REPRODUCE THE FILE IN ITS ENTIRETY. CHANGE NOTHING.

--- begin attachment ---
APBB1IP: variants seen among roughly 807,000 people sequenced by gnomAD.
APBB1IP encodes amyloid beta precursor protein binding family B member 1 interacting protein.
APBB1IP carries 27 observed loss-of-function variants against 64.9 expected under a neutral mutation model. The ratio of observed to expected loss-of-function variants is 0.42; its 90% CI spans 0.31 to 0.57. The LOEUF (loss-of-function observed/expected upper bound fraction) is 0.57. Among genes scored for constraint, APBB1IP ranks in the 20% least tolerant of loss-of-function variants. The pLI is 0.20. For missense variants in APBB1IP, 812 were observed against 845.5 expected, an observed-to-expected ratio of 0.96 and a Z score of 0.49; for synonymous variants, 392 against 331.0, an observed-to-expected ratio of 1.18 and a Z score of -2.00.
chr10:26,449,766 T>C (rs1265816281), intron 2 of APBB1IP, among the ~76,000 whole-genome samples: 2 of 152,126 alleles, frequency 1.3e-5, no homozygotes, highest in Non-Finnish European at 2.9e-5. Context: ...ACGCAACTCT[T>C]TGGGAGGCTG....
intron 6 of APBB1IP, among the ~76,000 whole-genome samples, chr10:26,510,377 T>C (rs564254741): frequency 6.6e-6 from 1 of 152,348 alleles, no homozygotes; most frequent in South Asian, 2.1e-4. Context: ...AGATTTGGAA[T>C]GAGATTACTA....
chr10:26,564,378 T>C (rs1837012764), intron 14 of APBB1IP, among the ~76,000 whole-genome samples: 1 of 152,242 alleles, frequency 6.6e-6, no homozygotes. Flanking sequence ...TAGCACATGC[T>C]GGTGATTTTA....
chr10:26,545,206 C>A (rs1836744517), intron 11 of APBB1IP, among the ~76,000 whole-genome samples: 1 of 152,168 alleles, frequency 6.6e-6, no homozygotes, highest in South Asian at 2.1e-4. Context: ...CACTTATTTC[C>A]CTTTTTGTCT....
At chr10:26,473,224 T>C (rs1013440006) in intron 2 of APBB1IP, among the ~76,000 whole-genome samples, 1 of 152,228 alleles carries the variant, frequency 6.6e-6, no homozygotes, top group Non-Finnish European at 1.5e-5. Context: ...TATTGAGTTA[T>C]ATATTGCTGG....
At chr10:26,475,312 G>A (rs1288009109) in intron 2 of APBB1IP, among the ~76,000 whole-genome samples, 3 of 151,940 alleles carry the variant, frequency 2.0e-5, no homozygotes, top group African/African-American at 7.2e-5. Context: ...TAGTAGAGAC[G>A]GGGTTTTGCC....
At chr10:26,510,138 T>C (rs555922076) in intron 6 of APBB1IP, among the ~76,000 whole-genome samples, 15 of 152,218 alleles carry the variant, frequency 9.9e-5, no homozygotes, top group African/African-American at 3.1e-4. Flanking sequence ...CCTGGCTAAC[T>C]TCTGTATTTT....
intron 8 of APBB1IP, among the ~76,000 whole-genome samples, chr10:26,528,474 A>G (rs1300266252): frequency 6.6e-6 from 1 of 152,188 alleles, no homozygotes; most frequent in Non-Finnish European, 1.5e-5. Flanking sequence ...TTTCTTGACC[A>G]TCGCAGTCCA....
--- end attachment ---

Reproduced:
APBB1IP: variants seen among roughly 807,000 people sequenced by gnomAD.
APBB1IP encodes amyloid beta precursor protein binding family B member 1 interacting protein.
APBB1IP carries 27 observed loss-of-function variants against 64.9 expected under a neutral mutation model. The ratio of observed to expected loss-of-function variants is 0.42; its 90% CI spans 0.31 to 0.57. The LOEUF (loss-of-function observed/expected upper bound fraction) is 0.57. Among genes scored for constraint, APBB1IP ranks in the 20% least tolerant of loss-of-function variants. The pLI is 0.20. For missense variants in APBB1IP, 812 were observed against 845.5 expected, an observed-to-expected ratio of 0.96 and a Z score of 0.49; for synonymous variants, 392 against 331.0, an observed-to-expected ratio of 1.18 and a Z score of -2.00.
chr10:26,449,766 T>C (rs1265816281), intron 2 of APBB1IP, among the ~76,000 whole-genome samples: 2 of 152,126 alleles, frequency 1.3e-5, no homozygotes, highest in Non-Finnish European at 2.9e-5. Context: ...ACGCAACTCT[T>C]TGGGAGGCTG....
intron 6 of APBB1IP, among the ~76,000 whole-genome samples, chr10:26,510,377 T>C (rs564254741): frequency 6.6e-6 from 1 of 152,348 alleles, no homozygotes; most frequent in South Asian, 2.1e-4. Context: ...AGATTTGGAA[T>C]GAGATTACTA....
chr10:26,564,378 T>C (rs1837012764), intron 14 of APBB1IP, among the ~76,000 whole-genome samples: 1 of 152,242 alleles, frequency 6.6e-6, no homozygotes. Flanking sequence ...TAGCACATGC[T>C]GGTGATTTTA....
chr10:26,545,206 C>A (rs1836744517), intron 11 of APBB1IP, among the ~76,000 whole-genome samples: 1 of 152,168 alleles, frequency 6.6e-6, no homozygotes, highest in South Asian at 2.1e-4. Context: ...CACTTATTTC[C>A]CTTTTTGTCT....
At chr10:26,473,224 T>C (rs1013440006) in intron 2 of APBB1IP, among the ~76,000 whole-genome samples, 1 of 152,228 alleles carries the variant, frequency 6.6e-6, no homozygotes, top group Non-Finnish European at 1.5e-5. Context: ...TATTGAGTTA[T>C]ATATTGCTGG....
At chr10:26,475,312 G>A (rs1288009109) in intron 2 of APBB1IP, among the ~76,000 whole-genome samples, 3 of 151,940 alleles carry the variant, frequency 2.0e-5, no homozygotes, top group African/African-American at 7.2e-5. Context: ...TAGTAGAGAC[G>A]GGGTTTTGCC....
At chr10:26,510,138 T>C (rs555922076) in intron 6 of APBB1IP, among the ~76,000 whole-genome samples, 15 of 152,218 alleles carry the variant, frequency 9.9e-5, no homozygotes, top group African/African-American at 3.1e-4. Flanking sequence ...CCTGGCTAAC[T>C]TCTGTATTTT....
intron 8 of APBB1IP, among the ~76,000 whole-genome samples, chr10:26,528,474 A>G (rs1300266252): frequency 6.6e-6 from 1 of 152,188 alleles, no homozygotes; most frequent in Non-Finnish European, 1.5e-5. Flanking sequence ...TTTCTTGACC[A>G]TCGCAGTCCA....